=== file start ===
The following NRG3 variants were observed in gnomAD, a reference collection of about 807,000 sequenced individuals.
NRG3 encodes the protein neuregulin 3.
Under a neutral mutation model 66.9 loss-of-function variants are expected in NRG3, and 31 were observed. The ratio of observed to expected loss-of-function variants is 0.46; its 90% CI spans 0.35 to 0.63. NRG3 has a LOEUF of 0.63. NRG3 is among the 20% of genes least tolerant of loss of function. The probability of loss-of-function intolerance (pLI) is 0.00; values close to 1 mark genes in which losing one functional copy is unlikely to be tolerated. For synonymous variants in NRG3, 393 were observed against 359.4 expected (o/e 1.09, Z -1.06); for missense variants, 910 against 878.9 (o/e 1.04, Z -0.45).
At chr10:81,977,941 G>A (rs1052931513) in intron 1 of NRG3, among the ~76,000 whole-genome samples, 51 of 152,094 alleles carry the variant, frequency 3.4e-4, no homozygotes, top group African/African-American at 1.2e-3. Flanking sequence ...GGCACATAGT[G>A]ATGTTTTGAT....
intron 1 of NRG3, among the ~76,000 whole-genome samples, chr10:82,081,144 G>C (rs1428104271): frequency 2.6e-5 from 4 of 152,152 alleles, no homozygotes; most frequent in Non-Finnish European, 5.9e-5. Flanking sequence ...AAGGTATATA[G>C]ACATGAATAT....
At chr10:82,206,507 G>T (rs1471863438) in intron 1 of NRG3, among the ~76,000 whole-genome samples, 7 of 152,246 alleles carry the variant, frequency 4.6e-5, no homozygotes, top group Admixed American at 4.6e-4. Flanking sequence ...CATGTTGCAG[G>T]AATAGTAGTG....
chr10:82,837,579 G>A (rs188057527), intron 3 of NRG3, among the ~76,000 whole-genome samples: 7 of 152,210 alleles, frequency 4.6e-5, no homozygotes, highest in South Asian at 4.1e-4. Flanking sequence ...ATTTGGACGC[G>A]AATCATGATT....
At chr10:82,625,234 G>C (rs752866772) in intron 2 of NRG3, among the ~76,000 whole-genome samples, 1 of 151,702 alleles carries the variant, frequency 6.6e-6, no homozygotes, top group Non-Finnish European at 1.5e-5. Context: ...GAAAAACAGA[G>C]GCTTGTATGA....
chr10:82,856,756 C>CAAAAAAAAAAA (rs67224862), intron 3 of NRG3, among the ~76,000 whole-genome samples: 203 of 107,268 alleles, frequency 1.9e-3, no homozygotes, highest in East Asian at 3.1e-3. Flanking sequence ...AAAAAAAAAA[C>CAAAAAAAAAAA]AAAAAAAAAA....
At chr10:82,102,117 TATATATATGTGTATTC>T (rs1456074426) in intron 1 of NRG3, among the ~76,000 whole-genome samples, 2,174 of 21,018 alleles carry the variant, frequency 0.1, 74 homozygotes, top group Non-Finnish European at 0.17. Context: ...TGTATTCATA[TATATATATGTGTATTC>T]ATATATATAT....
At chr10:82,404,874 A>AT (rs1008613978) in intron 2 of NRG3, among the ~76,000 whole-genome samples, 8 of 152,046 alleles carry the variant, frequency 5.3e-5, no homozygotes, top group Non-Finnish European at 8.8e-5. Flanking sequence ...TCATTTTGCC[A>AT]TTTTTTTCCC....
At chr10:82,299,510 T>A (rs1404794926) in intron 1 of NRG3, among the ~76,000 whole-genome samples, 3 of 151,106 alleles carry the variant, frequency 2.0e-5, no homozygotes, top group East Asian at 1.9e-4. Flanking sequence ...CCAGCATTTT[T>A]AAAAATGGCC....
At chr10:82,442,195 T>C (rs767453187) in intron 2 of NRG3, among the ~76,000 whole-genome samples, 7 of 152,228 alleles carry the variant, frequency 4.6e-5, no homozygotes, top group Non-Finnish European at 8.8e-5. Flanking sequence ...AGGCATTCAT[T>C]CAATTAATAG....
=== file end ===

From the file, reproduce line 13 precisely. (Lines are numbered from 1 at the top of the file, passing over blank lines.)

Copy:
At chr10:82,442,195 T>C (rs767453187) in intron 2 of NRG3, among the ~76,000 whole-genome samples, 7 of 152,228 alleles carry the variant, frequency 4.6e-5, no homozygotes, top group Non-Finnish European at 8.8e-5. Flanking sequence ...AGGCATTCAT[T>C]CAATTAATAG....